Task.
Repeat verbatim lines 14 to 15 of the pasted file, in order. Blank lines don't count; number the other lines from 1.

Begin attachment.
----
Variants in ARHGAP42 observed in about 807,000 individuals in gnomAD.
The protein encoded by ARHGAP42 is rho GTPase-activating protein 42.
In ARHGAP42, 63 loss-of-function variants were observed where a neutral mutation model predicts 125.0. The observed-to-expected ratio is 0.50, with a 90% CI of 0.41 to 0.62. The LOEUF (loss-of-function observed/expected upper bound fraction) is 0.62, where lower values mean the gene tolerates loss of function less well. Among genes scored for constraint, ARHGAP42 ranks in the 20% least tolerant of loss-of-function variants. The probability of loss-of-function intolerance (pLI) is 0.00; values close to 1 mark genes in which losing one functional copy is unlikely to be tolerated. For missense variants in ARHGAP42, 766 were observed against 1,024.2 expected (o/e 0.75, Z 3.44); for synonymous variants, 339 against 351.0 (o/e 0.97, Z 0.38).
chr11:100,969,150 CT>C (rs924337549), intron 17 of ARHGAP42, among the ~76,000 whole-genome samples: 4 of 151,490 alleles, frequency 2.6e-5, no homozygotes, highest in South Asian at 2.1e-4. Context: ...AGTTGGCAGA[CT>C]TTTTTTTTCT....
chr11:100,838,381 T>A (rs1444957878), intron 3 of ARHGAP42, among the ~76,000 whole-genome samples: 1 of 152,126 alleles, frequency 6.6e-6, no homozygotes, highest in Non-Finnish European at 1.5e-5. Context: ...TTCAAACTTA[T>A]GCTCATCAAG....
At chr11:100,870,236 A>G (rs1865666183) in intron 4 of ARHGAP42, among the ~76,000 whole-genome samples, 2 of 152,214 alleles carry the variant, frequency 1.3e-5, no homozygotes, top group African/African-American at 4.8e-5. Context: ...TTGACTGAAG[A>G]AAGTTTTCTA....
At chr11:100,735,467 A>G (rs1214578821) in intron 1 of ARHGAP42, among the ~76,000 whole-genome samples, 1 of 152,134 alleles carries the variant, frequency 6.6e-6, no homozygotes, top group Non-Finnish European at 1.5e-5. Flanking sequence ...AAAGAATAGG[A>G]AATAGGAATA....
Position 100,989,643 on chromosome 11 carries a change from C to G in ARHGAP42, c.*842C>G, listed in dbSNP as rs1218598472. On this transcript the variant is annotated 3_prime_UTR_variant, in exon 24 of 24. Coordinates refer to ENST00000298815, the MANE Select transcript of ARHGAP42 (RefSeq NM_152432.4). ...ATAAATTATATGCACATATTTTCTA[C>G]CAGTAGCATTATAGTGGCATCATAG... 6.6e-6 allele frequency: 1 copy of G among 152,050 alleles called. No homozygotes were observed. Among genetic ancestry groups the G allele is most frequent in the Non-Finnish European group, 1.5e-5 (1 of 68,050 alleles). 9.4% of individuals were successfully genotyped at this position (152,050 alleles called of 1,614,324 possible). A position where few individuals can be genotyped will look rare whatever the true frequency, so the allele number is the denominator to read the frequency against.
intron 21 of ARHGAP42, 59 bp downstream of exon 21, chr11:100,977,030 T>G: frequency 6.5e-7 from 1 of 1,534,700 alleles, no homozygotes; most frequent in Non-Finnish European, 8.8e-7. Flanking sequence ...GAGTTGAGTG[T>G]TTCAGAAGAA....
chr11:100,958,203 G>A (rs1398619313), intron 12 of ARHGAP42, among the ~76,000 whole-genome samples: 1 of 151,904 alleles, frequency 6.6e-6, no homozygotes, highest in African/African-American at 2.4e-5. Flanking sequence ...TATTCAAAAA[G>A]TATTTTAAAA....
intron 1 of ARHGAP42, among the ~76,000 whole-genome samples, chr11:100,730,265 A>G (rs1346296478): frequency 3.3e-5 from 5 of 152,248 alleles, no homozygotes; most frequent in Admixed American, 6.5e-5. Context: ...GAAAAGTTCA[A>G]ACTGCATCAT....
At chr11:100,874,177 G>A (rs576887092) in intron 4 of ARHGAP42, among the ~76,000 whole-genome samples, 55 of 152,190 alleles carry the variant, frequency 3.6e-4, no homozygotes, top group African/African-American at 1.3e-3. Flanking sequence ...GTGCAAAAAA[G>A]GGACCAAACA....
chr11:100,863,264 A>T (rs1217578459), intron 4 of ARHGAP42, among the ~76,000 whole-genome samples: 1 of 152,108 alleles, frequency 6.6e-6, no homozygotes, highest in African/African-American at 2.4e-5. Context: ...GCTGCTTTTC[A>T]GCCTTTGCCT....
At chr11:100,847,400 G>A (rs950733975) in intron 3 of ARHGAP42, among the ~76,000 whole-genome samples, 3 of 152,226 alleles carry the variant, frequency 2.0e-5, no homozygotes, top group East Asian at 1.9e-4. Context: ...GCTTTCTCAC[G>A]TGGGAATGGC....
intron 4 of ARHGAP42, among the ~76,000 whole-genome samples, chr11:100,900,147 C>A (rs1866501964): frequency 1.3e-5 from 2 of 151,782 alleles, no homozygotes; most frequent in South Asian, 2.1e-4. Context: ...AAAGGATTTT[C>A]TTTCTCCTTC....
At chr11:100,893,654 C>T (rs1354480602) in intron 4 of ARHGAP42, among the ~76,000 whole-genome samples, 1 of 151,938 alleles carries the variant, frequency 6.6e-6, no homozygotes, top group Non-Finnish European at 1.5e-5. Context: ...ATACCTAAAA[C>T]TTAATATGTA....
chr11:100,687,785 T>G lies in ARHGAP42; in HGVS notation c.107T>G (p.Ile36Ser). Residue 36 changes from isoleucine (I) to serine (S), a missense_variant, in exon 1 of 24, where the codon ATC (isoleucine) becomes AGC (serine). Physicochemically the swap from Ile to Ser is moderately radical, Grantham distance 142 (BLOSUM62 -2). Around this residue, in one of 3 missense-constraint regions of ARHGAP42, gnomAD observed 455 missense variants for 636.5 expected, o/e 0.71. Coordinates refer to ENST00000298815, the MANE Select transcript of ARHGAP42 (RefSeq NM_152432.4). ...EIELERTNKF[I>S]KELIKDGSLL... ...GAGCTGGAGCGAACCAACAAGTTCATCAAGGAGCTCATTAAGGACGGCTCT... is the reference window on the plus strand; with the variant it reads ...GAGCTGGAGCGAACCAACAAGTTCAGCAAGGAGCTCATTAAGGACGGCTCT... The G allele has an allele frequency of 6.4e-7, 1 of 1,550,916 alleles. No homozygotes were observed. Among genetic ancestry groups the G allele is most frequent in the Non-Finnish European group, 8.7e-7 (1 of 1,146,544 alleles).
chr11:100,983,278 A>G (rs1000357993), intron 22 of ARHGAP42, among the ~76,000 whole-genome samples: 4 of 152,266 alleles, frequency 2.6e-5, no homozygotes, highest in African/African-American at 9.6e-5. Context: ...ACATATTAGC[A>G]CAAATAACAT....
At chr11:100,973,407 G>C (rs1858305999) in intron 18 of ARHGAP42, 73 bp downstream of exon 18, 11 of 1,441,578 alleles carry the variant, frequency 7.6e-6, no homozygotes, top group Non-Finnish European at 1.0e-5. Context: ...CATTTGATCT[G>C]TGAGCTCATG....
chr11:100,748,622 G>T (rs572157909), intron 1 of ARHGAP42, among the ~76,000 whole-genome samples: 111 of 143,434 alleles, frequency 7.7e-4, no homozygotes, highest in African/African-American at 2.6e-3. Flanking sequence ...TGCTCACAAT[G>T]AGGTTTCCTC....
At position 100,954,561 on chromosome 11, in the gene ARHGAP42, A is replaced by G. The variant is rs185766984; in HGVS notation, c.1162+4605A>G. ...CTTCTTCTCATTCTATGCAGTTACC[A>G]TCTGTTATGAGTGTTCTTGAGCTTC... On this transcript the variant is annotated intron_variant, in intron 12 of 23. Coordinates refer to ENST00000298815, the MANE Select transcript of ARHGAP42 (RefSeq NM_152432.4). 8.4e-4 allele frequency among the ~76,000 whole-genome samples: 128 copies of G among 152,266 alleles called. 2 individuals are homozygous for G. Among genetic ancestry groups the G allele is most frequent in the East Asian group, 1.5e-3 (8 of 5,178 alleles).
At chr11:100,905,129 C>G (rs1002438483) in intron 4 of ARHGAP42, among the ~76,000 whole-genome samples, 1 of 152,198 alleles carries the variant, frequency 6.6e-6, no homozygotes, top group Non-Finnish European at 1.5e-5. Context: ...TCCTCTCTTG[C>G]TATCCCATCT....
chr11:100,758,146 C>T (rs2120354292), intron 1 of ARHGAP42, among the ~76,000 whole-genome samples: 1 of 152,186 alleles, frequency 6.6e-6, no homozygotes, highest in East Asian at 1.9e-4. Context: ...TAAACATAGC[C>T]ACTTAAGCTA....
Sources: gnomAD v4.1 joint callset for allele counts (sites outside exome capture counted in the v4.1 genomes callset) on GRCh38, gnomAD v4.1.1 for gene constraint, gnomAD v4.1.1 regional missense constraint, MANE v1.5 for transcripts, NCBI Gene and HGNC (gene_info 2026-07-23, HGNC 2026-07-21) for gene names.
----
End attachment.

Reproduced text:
At chr11:100,847,400 G>A (rs950733975) in intron 3 of ARHGAP42, among the ~76,000 whole-genome samples, 3 of 152,226 alleles carry the variant, frequency 2.0e-5, no homozygotes, top group East Asian at 1.9e-4. Context: ...GCTTTCTCAC[G>A]TGGGAATGGC....
intron 4 of ARHGAP42, among the ~76,000 whole-genome samples, chr11:100,900,147 C>A (rs1866501964): frequency 1.3e-5 from 2 of 151,782 alleles, no homozygotes; most frequent in South Asian, 2.1e-4. Context: ...AAAGGATTTT[C>A]TTTCTCCTTC....